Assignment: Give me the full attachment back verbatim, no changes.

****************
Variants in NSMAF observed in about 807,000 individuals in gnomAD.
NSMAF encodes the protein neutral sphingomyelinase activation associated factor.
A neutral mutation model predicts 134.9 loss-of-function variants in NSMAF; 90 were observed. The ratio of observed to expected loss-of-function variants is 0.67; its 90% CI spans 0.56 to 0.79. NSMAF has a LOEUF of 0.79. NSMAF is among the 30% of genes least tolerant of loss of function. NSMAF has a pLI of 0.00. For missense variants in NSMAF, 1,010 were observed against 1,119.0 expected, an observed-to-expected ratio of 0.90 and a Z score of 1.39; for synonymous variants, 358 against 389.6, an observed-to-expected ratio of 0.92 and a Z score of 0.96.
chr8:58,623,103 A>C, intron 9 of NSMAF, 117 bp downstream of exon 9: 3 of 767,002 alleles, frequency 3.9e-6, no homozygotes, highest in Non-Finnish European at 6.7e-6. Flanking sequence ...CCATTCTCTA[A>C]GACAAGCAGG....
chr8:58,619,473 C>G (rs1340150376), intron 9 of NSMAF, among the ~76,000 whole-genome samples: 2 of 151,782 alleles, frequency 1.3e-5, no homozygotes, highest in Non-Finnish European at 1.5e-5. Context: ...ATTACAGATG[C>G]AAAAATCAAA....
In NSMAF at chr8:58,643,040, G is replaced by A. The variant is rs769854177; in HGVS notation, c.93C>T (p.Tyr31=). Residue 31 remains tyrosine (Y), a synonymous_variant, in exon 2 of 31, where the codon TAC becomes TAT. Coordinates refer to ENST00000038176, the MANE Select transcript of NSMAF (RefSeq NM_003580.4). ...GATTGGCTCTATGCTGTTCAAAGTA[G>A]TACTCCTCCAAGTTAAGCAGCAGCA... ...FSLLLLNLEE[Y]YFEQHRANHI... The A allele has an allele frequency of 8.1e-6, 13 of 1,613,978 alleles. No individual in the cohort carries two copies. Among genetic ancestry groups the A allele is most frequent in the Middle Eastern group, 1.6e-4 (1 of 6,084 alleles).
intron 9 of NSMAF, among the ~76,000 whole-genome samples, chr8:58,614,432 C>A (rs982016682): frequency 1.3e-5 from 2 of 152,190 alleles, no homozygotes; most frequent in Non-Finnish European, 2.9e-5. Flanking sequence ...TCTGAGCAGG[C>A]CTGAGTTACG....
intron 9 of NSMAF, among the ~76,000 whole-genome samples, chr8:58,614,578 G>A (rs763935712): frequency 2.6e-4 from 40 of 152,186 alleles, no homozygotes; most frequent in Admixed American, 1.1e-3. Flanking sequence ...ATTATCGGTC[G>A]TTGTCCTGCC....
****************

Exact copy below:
Variants in NSMAF observed in about 807,000 individuals in gnomAD.
NSMAF encodes the protein neutral sphingomyelinase activation associated factor.
A neutral mutation model predicts 134.9 loss-of-function variants in NSMAF; 90 were observed. The ratio of observed to expected loss-of-function variants is 0.67; its 90% CI spans 0.56 to 0.79. NSMAF has a LOEUF of 0.79. NSMAF is among the 30% of genes least tolerant of loss of function. NSMAF has a pLI of 0.00. For missense variants in NSMAF, 1,010 were observed against 1,119.0 expected, an observed-to-expected ratio of 0.90 and a Z score of 1.39; for synonymous variants, 358 against 389.6, an observed-to-expected ratio of 0.92 and a Z score of 0.96.
chr8:58,623,103 A>C, intron 9 of NSMAF, 117 bp downstream of exon 9: 3 of 767,002 alleles, frequency 3.9e-6, no homozygotes, highest in Non-Finnish European at 6.7e-6. Flanking sequence ...CCATTCTCTA[A>C]GACAAGCAGG....
chr8:58,619,473 C>G (rs1340150376), intron 9 of NSMAF, among the ~76,000 whole-genome samples: 2 of 151,782 alleles, frequency 1.3e-5, no homozygotes, highest in Non-Finnish European at 1.5e-5. Context: ...ATTACAGATG[C>G]AAAAATCAAA....
In NSMAF at chr8:58,643,040, G is replaced by A. The variant is rs769854177; in HGVS notation, c.93C>T (p.Tyr31=). Residue 31 remains tyrosine (Y), a synonymous_variant, in exon 2 of 31, where the codon TAC becomes TAT. Coordinates refer to ENST00000038176, the MANE Select transcript of NSMAF (RefSeq NM_003580.4). ...GATTGGCTCTATGCTGTTCAAAGTA[G>A]TACTCCTCCAAGTTAAGCAGCAGCA... ...FSLLLLNLEE[Y]YFEQHRANHI... The A allele has an allele frequency of 8.1e-6, 13 of 1,613,978 alleles. No individual in the cohort carries two copies. Among genetic ancestry groups the A allele is most frequent in the Middle Eastern group, 1.6e-4 (1 of 6,084 alleles).
intron 9 of NSMAF, among the ~76,000 whole-genome samples, chr8:58,614,432 C>A (rs982016682): frequency 1.3e-5 from 2 of 152,190 alleles, no homozygotes; most frequent in Non-Finnish European, 2.9e-5. Flanking sequence ...TCTGAGCAGG[C>A]CTGAGTTACG....
intron 9 of NSMAF, among the ~76,000 whole-genome samples, chr8:58,614,578 G>A (rs763935712): frequency 2.6e-4 from 40 of 152,186 alleles, no homozygotes; most frequent in Admixed American, 1.1e-3. Flanking sequence ...ATTATCGGTC[G>A]TTGTCCTGCC....